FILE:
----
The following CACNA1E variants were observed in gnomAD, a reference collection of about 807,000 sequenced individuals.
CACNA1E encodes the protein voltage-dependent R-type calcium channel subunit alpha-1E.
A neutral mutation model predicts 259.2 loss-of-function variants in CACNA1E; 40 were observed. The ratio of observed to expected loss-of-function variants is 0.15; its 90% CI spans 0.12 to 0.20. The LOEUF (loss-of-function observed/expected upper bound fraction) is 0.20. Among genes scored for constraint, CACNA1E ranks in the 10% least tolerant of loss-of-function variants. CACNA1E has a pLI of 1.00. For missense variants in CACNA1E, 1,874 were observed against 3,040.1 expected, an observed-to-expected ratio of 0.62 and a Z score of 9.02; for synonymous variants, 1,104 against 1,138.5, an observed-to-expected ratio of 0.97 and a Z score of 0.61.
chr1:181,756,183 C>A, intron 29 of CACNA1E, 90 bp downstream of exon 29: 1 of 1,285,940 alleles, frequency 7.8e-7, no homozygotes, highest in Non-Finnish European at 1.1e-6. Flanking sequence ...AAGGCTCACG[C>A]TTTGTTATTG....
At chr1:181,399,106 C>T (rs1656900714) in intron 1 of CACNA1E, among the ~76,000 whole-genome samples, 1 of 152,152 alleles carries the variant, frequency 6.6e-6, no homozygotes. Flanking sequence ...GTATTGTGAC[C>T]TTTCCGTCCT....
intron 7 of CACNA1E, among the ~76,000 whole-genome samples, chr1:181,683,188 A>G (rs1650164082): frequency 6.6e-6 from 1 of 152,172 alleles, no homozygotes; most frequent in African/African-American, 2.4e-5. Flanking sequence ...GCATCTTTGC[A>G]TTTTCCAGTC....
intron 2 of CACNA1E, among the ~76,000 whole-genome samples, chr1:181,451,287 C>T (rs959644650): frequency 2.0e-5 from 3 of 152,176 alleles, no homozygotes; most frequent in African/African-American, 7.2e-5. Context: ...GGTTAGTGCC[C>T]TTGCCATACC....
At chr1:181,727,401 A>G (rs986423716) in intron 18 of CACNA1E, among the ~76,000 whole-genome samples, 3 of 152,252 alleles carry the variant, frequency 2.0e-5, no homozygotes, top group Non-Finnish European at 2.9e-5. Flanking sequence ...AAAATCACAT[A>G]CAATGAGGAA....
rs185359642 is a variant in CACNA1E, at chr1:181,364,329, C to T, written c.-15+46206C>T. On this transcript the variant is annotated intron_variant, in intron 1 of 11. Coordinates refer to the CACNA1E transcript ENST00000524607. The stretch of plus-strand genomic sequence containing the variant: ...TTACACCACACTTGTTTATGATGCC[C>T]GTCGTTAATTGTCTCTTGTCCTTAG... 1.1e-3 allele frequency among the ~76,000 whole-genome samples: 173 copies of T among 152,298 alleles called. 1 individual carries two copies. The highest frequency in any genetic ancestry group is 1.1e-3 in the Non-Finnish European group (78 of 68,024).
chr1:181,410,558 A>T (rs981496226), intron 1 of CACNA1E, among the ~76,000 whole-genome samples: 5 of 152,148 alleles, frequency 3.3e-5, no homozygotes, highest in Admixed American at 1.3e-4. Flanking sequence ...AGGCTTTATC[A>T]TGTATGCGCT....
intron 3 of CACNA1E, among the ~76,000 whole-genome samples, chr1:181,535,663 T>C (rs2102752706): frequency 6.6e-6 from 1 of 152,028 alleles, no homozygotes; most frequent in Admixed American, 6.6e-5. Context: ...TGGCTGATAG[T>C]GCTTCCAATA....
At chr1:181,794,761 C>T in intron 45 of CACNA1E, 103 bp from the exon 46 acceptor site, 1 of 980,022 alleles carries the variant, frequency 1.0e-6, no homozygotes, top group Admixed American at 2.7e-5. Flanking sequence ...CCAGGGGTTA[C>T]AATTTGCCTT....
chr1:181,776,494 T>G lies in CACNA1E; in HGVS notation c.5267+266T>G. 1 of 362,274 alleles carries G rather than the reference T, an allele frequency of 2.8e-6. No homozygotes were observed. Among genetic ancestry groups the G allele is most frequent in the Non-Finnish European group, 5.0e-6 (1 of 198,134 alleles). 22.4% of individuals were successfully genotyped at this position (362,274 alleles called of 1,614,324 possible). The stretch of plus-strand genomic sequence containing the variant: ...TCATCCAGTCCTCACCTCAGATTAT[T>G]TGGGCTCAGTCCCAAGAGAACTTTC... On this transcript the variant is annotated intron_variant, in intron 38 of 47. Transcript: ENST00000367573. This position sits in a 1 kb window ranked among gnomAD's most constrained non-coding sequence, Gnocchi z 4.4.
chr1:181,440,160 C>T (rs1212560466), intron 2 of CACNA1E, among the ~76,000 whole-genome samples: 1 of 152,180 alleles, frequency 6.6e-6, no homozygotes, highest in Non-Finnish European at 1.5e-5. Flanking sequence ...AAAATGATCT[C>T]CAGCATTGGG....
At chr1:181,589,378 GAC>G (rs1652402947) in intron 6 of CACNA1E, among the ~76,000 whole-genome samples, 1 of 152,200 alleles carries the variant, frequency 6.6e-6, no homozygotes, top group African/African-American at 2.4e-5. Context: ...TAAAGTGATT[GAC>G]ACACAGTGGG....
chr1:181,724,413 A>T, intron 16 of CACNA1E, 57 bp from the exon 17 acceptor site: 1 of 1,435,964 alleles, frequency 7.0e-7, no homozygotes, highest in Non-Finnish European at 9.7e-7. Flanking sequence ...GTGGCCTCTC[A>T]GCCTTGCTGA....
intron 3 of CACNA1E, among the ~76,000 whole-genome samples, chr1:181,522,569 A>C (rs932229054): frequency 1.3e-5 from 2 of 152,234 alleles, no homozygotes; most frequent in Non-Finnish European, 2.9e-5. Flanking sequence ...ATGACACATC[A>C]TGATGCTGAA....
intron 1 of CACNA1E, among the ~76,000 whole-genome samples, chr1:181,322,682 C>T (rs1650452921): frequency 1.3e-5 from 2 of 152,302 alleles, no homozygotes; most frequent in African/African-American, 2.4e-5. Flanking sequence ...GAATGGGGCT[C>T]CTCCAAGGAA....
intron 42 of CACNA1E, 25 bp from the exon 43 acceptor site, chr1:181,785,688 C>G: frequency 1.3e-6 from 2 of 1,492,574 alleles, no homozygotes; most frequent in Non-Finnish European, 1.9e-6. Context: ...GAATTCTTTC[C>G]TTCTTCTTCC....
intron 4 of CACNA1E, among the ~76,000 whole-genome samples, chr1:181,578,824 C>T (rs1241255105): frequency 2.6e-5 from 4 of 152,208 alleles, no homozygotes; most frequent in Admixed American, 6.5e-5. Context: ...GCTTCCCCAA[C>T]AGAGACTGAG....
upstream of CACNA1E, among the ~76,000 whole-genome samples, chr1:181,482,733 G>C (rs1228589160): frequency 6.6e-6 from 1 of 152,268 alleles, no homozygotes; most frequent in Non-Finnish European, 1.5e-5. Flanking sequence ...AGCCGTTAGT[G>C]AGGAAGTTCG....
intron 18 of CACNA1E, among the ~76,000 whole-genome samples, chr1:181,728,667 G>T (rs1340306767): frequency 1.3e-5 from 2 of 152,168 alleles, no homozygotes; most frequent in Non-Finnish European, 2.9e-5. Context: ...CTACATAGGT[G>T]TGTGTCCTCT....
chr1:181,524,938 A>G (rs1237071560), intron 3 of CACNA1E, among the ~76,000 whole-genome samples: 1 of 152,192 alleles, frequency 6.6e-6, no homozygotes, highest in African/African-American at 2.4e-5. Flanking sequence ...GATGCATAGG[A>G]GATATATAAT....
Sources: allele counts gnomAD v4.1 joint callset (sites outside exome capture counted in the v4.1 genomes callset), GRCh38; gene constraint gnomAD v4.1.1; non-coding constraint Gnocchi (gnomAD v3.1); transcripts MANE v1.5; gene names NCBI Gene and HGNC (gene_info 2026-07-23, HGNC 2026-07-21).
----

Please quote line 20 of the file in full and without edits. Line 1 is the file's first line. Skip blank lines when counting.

intron 4 of CACNA1E, among the ~76,000 whole-genome samples, chr1:181,578,824 C>T (rs1241255105): frequency 2.6e-5 from 4 of 152,208 alleles, no homozygotes; most frequent in Admixed American, 6.5e-5. Context: ...GCTTCCCCAA[C>T]AGAGACTGAG....